This new image from the European Southern Observatory (ESO) shows a huge cloud of dust called the Pipe Nebula, focusing on its mouthpiece: a small stellar cluster called Barnard 59.
The Pipe Nebula is located between 600 and 700 light-years away. It is a typical dark nebula with clouds so thick that they are obscuring the stars beyond.
The nebula is also home to Barnard 65, 66, and 67, which form the pipe stem, and Barnard 78 which makes up the bowl.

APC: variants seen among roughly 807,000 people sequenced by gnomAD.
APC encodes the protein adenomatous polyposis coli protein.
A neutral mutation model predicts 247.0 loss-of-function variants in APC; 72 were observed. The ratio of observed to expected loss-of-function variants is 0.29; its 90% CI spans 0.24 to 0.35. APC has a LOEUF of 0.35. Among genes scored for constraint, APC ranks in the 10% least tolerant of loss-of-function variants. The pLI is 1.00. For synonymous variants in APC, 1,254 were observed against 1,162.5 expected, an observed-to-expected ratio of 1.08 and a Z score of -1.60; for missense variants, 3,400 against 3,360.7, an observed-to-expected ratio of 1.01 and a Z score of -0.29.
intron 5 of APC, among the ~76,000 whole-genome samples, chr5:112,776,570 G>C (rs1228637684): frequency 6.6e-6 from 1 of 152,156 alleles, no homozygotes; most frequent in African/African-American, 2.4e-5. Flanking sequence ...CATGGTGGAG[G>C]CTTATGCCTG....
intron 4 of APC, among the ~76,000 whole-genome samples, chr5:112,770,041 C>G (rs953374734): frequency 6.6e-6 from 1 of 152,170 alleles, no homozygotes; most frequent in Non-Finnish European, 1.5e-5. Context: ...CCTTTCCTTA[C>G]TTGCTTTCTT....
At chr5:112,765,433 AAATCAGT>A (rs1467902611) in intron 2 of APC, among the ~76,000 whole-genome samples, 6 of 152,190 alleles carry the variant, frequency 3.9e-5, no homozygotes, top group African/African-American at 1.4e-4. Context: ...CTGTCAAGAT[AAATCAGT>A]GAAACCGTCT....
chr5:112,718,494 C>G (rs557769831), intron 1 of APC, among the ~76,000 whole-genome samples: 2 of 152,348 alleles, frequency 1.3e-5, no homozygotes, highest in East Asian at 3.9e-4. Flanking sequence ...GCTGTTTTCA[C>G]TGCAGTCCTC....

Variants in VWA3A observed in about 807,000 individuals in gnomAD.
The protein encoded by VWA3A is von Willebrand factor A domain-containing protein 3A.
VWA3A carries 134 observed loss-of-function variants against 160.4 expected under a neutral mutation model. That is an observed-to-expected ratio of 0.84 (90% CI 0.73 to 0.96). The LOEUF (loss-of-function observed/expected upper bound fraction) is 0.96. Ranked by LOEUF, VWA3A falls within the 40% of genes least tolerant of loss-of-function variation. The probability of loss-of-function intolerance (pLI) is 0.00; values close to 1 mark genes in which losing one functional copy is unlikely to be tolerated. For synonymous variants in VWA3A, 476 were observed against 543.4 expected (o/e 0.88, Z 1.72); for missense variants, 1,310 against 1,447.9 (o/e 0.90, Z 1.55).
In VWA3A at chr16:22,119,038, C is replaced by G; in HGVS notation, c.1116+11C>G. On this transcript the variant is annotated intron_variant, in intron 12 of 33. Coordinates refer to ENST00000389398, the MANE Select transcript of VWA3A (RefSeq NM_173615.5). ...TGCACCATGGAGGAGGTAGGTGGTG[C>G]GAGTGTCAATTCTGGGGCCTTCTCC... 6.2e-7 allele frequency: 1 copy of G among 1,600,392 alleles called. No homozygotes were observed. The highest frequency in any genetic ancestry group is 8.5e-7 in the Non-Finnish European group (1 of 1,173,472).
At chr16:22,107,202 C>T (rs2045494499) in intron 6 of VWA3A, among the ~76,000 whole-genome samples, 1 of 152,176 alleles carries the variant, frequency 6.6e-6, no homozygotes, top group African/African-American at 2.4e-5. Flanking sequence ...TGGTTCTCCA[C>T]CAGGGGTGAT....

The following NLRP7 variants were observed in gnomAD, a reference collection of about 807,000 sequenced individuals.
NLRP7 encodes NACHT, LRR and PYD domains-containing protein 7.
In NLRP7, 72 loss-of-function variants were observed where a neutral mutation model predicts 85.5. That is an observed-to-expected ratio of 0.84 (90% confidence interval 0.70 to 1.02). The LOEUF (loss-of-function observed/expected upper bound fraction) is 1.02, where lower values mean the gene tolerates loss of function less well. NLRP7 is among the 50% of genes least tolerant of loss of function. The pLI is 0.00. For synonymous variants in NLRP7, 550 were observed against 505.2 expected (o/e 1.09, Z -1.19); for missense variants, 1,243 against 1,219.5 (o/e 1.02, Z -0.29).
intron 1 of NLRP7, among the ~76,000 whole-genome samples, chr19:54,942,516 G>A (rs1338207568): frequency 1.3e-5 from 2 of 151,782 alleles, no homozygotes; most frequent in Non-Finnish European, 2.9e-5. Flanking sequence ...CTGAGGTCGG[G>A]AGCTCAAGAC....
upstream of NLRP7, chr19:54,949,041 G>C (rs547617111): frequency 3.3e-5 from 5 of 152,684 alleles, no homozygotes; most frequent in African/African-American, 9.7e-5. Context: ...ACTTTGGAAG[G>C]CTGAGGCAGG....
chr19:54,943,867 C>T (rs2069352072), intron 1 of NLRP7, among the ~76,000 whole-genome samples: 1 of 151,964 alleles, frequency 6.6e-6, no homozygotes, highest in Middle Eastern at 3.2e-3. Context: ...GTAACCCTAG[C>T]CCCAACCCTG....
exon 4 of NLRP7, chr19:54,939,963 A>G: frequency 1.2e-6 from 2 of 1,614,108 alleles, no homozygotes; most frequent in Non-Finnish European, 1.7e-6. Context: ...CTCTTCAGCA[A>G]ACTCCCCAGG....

The photo was taken with the 67-million pixel Wide Field Imager on the Max Planck Gesellschaft (MPG) 2.2-meter telescope at ESO’s La Silla Observatory in the Chilean Andes. The imager’s field of view is as large as the full moon.
As well as the spidery clouds at the center of the picture, some slightly brighter areas can be seen where a few new stars are forming amid the clumps of gas and dust.
The colorful streaks are asteroids that are a few kilometers wide and tracking the sun, mostly in the asteroid belt between the orbits of Mars and Jupiter.
The Pipe Nebula can be viewed with the naked eye when the sky is dark and clear, and is more visible at southern latitudes, appearing higher in the sky.
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